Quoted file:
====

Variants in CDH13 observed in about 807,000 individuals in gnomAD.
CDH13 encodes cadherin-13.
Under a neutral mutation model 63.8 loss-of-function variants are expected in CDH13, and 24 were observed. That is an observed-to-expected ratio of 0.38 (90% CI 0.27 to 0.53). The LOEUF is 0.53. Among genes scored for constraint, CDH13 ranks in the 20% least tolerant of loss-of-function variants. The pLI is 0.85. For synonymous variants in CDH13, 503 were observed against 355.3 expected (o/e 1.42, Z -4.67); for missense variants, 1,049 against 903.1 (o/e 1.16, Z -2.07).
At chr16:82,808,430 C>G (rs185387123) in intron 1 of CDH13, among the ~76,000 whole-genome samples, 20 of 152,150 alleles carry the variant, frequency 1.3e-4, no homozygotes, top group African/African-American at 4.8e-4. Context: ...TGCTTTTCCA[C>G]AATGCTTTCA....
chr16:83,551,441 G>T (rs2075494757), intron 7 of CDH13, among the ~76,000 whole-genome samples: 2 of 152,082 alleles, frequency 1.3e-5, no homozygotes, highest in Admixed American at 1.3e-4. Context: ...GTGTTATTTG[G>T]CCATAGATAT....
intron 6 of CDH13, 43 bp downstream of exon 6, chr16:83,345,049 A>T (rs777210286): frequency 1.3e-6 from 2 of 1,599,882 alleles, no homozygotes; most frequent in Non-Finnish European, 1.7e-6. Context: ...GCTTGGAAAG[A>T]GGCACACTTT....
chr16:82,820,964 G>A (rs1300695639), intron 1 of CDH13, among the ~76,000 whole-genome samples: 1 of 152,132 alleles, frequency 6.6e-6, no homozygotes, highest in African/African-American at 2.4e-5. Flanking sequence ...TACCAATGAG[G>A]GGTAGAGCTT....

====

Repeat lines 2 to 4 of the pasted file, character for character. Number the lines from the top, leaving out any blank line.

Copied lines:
CDH13 encodes cadherin-13.
Under a neutral mutation model 63.8 loss-of-function variants are expected in CDH13, and 24 were observed. That is an observed-to-expected ratio of 0.38 (90% CI 0.27 to 0.53). The LOEUF is 0.53. Among genes scored for constraint, CDH13 ranks in the 20% least tolerant of loss-of-function variants. The pLI is 0.85. For synonymous variants in CDH13, 503 were observed against 355.3 expected (o/e 1.42, Z -4.67); for missense variants, 1,049 against 903.1 (o/e 1.16, Z -2.07).
At chr16:82,808,430 C>G (rs185387123) in intron 1 of CDH13, among the ~76,000 whole-genome samples, 20 of 152,150 alleles carry the variant, frequency 1.3e-4, no homozygotes, top group African/African-American at 4.8e-4. Context: ...TGCTTTTCCA[C>G]AATGCTTTCA....